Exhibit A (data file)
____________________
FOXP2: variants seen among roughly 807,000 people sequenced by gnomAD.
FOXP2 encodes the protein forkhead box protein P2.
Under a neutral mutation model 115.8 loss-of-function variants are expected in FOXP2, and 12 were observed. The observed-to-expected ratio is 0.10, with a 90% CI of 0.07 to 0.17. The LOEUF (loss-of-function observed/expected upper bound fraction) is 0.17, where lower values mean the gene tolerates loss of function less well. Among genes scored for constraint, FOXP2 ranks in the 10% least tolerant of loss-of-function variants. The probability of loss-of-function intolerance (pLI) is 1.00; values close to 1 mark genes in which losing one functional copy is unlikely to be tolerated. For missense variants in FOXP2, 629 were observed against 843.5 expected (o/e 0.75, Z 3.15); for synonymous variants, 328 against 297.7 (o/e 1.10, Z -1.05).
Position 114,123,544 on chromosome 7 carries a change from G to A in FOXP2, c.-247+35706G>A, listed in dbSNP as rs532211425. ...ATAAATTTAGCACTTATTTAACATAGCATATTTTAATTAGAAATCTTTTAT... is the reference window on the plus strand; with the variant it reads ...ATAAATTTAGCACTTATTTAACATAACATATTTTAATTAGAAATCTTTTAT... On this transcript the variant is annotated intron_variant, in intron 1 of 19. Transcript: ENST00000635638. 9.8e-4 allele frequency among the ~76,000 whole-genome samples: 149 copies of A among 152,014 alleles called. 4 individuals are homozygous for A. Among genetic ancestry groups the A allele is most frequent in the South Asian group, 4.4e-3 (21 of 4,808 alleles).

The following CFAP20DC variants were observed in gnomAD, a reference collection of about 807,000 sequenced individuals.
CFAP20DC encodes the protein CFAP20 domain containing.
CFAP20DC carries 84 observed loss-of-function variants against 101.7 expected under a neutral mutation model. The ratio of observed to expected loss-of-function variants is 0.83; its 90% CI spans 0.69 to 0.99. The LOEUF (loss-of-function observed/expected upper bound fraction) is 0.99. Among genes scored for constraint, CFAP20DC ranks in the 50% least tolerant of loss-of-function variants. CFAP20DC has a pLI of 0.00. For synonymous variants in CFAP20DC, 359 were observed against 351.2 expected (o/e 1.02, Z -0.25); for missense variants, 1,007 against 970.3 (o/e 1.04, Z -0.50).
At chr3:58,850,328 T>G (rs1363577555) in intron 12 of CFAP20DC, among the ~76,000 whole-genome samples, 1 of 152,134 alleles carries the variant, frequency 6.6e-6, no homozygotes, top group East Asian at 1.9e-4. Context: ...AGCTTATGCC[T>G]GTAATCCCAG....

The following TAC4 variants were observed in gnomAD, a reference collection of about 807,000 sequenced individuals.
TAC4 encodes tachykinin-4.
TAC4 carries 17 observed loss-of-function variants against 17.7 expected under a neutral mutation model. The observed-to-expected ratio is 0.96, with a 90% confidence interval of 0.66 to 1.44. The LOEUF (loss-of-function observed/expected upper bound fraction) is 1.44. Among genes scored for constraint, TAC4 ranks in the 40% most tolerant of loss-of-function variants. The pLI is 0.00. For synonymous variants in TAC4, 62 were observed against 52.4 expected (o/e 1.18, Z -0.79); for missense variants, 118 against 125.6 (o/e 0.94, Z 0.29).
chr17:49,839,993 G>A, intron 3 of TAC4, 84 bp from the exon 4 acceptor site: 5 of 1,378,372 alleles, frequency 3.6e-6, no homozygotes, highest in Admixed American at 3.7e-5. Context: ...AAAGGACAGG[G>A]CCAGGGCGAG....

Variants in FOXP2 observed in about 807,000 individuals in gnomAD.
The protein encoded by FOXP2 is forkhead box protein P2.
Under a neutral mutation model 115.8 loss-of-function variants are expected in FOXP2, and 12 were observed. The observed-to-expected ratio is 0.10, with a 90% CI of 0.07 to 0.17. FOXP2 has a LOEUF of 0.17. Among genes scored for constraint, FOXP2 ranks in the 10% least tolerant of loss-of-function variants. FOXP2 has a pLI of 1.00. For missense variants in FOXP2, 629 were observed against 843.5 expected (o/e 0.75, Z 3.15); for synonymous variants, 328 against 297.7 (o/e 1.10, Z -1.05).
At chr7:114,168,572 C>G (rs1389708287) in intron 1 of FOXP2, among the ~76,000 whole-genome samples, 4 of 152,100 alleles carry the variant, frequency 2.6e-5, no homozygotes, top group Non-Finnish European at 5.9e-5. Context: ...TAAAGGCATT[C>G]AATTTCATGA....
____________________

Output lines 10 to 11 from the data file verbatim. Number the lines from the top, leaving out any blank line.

TAC4 encodes tachykinin-4.
TAC4 carries 17 observed loss-of-function variants against 17.7 expected under a neutral mutation model. The observed-to-expected ratio is 0.96, with a 90% confidence interval of 0.66 to 1.44. The LOEUF (loss-of-function observed/expected upper bound fraction) is 1.44. Among genes scored for constraint, TAC4 ranks in the 40% most tolerant of loss-of-function variants. The pLI is 0.00. For synonymous variants in TAC4, 62 were observed against 52.4 expected (o/e 1.18, Z -0.79); for missense variants, 118 against 125.6 (o/e 0.94, Z 0.29).